So from the Taj Mahal at the start– the deserts and palaces of Rajasthan – the forts and the castles – the crazy long climbs – the Ghats and temples – the fast dangerous descents – the awful sand and rock days – Morgans 3 wheeled adventure – the hand bike giveaway in Mumbai – the accidents and incidents – the big cities – the medieval towns – the Dams – the Rivers – the Oceans – the mountains – the heat – the broken bikes – the falling down the stairs – the bus rides – the drinking – the Bidi smoking – the eating – the parties – the flowers – the Russians of Goa – The Lassi – the prawns – the fish – the English drinking partner arrival in Mumbai – the coffee –the illness we all had sometimes – the chai – the swimming pools – broken chain on day 2 – 4 punctures – losing stuff – laundry – lack of toilet paper – stinky streets –the exhaustion – 5am wailing – snoring – orange tape – getting lost – the luxury – the dumps we stayed in – the bed bugs – the lunch truck – unpronounceable names – the shaking heads – the bloody bag system – the daily 5.30 alarms – the wildlife – the plantations – the shopping – the frustrations – the bloody 195k day – the White Mischief vodka – he snake man – the Indian Wine – the jungle lodges – the truckers in our beds – tuk tuks – the buffets – the old riders – the new riders – the mosquitos – the final emotional ride – the fitness – the 75 year old riders – the weight loss – the staff – the drivers – the water park – the shouting – the horns – the staring…… – it’s a crazy long list – it’s been a real adventure.
The best part for me – aside from the riding – has been this great and diverse group – we all got along so well – 2 months is a long time and sometimes people can really get on your nerves – this group tick along fine – we all helped each other – we all got along – we all had fun – good and bad – who cares if you had a bad day – there’s always someone to eat or share a beer with here.
I would recommend this tour to anyone – there will probably be just a few changes next year – but good ones I think – the TDA did well for a first tour – I would do another one day – somewhere else – maybe – let’s see – most of the guys on my tour were over 55 – an amazing feat – took me by surprise – wonder if I’ll be doing this when I get to that age?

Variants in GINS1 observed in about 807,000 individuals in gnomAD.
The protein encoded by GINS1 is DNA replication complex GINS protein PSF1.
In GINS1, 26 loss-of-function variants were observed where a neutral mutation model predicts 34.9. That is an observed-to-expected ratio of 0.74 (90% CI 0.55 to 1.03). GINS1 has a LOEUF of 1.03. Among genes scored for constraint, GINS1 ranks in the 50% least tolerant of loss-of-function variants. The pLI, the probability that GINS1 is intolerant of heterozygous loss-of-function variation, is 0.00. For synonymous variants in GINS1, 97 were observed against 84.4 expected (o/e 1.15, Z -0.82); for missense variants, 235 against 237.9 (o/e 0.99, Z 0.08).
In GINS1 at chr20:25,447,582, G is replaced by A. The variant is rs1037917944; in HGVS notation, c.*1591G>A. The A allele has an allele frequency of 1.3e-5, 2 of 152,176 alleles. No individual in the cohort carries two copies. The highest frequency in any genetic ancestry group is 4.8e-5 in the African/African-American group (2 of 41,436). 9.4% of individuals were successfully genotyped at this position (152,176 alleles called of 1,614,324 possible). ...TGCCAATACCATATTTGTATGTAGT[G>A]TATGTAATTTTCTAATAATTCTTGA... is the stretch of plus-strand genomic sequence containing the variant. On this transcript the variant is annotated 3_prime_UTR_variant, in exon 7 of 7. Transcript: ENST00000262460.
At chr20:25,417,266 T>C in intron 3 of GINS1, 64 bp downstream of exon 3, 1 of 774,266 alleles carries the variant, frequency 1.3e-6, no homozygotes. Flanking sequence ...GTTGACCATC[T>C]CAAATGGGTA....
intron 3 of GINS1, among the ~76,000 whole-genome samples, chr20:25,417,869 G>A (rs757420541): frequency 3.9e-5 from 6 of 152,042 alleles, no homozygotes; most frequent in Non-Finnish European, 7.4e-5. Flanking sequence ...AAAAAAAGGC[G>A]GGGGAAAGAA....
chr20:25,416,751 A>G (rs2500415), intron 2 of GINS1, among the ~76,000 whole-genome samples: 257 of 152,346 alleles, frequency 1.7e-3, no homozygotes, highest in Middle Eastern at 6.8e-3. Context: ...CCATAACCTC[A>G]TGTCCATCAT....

Over and out – time for a clean bed – some probable last minute paperwork at the airport tomorrow with a bike – delays – heat – a curry on the plane – no upgrades – the family from hell next to me – Qatar Duty Free – raining in London – it will be good to get home…… Off to Belgium next week with 3 mates – Tour of Flanders 3 day cycling/Stella Artois Tour trip – great to get on the road bike again. I will be working at some stage soon too…..
22/3/2011 – Last minute update from Qatar (5 hour transfer) – nightmare at the airport this morning – bike box too big but managed to talk them down – had to pay a whopping baggage excess of £300 – yes THREE HUNDRED POUNDS – for my bike – credits and debit cards not working in their machine – the airports one ATM was broken – luckily I had £350 in cash – which I had to change up at a truly extortionate rate of 60 (usually 73) – and pay the bloody bill – only took an hour and a half at the desk – then I go through – still got £40 in rupees – can’t change them back so end up buying duty frees – you gotta love India – I’m not even sure the bike is worth £300 in its current state – at least I got a legroom seat – watched The Kings Speech – free internet at Qatar – better not fall asleep and miss my transfer – and the bloody bike better be there! Now – I wonder if they take rupees here…..
If you want to read the TDA blog – see some more photos etc. and Henrys words on the elephant – check http://www.tourdafrique.com/tours/indianadventure/blog
This will be the last blog – hope you enjoyed it – I hope to keep in touch with a lot of people I met here and plan a family trip to Canada in the near future – great trip guys – no more Bidi’s or Kingfisher – see you one day maybe…..
Clive – firstname.lastname@example.org